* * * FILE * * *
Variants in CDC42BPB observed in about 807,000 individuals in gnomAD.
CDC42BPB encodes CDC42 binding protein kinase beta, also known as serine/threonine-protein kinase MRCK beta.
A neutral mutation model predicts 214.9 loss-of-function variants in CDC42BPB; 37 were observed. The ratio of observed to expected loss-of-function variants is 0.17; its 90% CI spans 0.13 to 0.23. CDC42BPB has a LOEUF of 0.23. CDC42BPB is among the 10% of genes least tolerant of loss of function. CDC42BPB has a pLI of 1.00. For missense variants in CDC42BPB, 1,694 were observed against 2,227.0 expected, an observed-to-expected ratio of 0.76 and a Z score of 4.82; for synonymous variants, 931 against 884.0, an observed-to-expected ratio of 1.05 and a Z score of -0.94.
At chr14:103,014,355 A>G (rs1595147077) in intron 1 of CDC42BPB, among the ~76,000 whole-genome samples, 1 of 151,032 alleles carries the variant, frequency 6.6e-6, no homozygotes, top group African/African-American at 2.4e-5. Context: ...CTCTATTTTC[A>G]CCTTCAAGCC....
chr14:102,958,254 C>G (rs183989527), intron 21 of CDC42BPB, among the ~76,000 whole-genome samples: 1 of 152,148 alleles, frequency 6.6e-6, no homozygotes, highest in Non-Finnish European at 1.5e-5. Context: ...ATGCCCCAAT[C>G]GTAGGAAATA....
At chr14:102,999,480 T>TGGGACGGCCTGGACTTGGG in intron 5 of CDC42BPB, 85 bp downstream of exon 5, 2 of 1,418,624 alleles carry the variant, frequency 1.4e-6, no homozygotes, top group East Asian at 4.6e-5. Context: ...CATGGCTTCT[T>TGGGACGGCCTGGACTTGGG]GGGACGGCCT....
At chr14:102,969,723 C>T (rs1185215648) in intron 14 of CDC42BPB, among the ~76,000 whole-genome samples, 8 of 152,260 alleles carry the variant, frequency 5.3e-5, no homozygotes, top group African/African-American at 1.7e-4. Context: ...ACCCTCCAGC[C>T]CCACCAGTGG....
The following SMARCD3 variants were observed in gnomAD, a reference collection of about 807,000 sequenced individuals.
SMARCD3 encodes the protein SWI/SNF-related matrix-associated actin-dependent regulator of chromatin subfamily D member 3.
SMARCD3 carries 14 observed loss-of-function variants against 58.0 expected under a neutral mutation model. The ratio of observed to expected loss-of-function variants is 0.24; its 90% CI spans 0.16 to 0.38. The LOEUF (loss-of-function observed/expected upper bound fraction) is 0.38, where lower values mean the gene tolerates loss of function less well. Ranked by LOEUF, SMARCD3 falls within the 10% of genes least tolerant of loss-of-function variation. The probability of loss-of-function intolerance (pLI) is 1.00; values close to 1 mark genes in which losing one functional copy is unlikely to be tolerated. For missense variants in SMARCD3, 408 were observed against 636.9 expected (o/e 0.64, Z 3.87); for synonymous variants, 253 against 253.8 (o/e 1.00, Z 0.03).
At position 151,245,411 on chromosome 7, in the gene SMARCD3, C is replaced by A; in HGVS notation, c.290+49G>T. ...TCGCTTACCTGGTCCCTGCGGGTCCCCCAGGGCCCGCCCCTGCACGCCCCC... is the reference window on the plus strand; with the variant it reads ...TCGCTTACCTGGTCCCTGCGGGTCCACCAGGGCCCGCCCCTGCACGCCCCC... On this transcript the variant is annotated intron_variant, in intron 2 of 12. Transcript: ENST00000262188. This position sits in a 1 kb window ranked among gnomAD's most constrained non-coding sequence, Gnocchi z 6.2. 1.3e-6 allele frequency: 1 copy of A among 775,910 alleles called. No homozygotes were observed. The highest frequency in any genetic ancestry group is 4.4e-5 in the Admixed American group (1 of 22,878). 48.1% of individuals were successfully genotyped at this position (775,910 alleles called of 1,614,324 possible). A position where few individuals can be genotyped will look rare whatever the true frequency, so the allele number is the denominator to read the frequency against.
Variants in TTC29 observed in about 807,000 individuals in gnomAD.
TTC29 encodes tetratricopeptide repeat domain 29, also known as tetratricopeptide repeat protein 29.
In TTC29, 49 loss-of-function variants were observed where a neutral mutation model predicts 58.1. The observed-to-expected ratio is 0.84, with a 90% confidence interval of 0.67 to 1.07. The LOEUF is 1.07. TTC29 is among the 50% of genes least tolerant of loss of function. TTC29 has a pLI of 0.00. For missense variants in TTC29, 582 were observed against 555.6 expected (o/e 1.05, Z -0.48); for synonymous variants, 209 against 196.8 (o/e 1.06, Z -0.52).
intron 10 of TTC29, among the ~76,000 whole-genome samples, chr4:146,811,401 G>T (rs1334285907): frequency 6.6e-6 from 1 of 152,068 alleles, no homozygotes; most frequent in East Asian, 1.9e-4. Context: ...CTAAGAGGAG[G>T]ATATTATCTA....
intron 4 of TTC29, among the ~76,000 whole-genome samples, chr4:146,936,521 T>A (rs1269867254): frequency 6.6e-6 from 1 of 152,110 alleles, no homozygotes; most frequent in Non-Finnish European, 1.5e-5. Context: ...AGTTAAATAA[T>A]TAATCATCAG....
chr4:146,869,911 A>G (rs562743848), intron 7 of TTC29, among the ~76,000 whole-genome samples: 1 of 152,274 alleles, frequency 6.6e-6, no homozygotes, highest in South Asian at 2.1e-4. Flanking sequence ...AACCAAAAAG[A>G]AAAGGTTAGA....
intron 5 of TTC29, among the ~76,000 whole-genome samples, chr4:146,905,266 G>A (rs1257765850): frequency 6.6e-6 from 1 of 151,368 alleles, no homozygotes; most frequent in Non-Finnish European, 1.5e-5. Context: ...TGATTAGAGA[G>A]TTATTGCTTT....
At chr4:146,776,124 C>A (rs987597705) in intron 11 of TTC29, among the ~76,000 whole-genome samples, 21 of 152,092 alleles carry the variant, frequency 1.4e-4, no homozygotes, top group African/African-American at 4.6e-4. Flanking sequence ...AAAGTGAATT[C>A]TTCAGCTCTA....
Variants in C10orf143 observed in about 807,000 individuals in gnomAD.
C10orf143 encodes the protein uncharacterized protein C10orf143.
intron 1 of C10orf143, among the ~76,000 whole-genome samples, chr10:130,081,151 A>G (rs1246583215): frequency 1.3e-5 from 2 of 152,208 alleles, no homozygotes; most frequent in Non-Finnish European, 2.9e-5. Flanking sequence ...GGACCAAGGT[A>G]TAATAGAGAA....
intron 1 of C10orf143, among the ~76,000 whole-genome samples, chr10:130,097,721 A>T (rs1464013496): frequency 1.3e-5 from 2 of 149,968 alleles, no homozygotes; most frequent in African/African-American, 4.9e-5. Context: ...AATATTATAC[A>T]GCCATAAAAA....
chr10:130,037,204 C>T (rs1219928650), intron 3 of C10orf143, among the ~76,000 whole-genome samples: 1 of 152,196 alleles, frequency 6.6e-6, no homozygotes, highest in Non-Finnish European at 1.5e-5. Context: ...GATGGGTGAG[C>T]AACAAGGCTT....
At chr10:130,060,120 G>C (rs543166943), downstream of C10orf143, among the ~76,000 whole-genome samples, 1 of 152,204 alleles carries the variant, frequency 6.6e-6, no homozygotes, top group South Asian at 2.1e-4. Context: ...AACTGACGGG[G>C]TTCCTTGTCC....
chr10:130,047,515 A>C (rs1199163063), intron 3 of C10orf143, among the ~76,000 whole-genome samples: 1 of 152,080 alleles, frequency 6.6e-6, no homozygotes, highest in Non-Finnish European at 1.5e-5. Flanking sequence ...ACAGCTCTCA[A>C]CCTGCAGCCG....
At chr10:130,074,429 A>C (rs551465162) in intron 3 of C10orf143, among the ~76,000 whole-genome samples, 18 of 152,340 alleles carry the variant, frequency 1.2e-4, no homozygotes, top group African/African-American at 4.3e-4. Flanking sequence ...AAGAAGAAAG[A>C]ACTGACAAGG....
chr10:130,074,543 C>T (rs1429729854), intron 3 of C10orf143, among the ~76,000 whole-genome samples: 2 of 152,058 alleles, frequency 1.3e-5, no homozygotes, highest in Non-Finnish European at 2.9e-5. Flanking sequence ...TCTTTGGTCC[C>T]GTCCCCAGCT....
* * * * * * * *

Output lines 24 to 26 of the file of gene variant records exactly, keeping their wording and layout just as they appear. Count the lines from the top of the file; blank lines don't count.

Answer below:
chr10:130,037,204 C>T (rs1219928650), intron 3 of C10orf143, among the ~76,000 whole-genome samples: 1 of 152,196 alleles, frequency 6.6e-6, no homozygotes, highest in Non-Finnish European at 1.5e-5. Context: ...GATGGGTGAG[C>T]AACAAGGCTT....
At chr10:130,060,120 G>C (rs543166943), downstream of C10orf143, among the ~76,000 whole-genome samples, 1 of 152,204 alleles carries the variant, frequency 6.6e-6, no homozygotes, top group South Asian at 2.1e-4. Context: ...AACTGACGGG[G>C]TTCCTTGTCC....
chr10:130,047,515 A>C (rs1199163063), intron 3 of C10orf143, among the ~76,000 whole-genome samples: 1 of 152,080 alleles, frequency 6.6e-6, no homozygotes, highest in Non-Finnish European at 1.5e-5. Flanking sequence ...ACAGCTCTCA[A>C]CCTGCAGCCG....